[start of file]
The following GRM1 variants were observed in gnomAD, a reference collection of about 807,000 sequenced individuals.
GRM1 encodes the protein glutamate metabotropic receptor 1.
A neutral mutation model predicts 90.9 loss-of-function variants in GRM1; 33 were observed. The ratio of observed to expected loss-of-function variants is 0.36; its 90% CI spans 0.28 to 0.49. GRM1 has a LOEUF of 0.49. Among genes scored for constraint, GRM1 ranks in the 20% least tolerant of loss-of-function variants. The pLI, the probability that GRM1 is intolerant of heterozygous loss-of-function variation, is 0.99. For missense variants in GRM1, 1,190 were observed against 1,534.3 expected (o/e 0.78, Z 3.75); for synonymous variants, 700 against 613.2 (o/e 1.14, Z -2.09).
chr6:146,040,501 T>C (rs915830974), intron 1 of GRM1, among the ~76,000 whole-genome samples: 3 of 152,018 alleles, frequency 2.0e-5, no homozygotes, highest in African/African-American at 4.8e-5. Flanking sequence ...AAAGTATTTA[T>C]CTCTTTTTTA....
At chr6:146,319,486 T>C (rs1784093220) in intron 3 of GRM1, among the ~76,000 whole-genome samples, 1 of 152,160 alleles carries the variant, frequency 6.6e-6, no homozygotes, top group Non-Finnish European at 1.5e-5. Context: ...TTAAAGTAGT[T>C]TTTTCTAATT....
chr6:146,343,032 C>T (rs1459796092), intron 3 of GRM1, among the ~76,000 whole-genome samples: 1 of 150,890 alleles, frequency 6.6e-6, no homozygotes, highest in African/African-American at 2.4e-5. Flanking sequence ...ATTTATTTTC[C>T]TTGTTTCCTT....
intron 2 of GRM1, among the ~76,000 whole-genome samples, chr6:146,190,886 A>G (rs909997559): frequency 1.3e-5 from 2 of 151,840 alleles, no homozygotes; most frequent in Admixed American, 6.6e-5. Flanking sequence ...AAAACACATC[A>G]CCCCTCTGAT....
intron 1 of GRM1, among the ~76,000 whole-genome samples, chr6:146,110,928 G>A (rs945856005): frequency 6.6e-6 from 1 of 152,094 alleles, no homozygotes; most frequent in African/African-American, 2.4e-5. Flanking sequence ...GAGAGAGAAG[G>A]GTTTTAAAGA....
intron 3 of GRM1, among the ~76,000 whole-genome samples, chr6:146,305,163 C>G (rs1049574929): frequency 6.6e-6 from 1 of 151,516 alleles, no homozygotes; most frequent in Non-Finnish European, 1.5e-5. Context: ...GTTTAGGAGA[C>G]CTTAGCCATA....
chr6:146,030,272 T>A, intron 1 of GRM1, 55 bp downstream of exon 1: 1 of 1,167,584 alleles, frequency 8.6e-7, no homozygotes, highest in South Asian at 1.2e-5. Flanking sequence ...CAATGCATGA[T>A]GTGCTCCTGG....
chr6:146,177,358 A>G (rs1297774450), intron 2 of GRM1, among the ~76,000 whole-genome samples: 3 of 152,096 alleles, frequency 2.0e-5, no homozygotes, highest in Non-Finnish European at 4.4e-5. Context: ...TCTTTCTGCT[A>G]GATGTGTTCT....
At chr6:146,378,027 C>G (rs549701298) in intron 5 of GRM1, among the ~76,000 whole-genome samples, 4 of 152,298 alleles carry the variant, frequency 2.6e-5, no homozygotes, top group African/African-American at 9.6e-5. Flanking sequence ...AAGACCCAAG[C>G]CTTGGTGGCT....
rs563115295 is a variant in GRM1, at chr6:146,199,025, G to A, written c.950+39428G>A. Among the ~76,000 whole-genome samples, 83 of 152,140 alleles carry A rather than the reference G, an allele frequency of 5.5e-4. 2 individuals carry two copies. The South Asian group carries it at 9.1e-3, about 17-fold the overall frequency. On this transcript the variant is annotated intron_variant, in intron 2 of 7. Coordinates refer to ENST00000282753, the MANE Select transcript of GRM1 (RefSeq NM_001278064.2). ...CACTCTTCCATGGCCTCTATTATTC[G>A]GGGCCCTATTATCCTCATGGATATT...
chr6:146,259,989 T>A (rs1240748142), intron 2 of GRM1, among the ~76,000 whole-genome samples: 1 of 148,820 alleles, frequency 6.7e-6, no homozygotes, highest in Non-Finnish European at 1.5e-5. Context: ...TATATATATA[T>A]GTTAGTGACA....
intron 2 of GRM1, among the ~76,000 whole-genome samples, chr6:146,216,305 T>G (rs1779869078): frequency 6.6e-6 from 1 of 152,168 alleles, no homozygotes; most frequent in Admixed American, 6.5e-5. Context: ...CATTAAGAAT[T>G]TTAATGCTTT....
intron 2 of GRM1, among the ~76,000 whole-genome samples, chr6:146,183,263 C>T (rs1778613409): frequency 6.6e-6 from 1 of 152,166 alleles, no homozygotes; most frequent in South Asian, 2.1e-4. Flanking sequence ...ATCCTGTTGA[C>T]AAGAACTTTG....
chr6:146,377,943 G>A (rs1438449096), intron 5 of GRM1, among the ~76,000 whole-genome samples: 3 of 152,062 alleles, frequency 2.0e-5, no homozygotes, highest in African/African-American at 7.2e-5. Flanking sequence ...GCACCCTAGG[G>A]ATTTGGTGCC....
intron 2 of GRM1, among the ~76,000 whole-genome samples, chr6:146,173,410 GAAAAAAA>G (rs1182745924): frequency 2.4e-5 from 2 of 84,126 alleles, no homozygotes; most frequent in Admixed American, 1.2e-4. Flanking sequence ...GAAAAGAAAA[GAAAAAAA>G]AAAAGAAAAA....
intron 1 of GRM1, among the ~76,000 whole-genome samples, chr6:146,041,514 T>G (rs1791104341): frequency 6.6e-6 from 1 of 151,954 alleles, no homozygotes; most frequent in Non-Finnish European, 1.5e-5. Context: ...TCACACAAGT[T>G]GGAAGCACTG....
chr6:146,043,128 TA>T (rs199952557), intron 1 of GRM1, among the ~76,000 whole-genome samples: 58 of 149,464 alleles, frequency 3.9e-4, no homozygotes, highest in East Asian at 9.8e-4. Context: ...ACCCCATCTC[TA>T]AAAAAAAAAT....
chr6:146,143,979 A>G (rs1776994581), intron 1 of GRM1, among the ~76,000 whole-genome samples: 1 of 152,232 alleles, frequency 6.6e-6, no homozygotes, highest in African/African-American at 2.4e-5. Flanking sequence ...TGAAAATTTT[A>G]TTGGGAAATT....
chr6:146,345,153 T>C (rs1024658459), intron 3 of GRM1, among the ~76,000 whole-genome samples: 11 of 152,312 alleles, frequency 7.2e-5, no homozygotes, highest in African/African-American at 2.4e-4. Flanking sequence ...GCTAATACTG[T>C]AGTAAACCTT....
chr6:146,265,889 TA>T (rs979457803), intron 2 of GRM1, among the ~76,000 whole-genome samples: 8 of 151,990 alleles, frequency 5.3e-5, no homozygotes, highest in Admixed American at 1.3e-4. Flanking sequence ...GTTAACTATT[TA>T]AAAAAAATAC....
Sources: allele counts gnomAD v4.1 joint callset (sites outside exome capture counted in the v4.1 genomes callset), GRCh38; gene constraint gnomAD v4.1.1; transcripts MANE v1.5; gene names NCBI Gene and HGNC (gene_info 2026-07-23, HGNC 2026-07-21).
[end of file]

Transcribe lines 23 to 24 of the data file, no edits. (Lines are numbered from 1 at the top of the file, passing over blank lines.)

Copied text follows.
chr6:146,265,889 TA>T (rs979457803), intron 2 of GRM1, among the ~76,000 whole-genome samples: 8 of 151,990 alleles, frequency 5.3e-5, no homozygotes, highest in Admixed American at 1.3e-4. Flanking sequence ...GTTAACTATT[TA>T]AAAAAAATAC....
Sources: allele counts gnomAD v4.1 joint callset (sites outside exome capture counted in the v4.1 genomes callset), GRCh38; gene constraint gnomAD v4.1.1; transcripts MANE v1.5; gene names NCBI Gene and HGNC (gene_info 2026-07-23, HGNC 2026-07-21).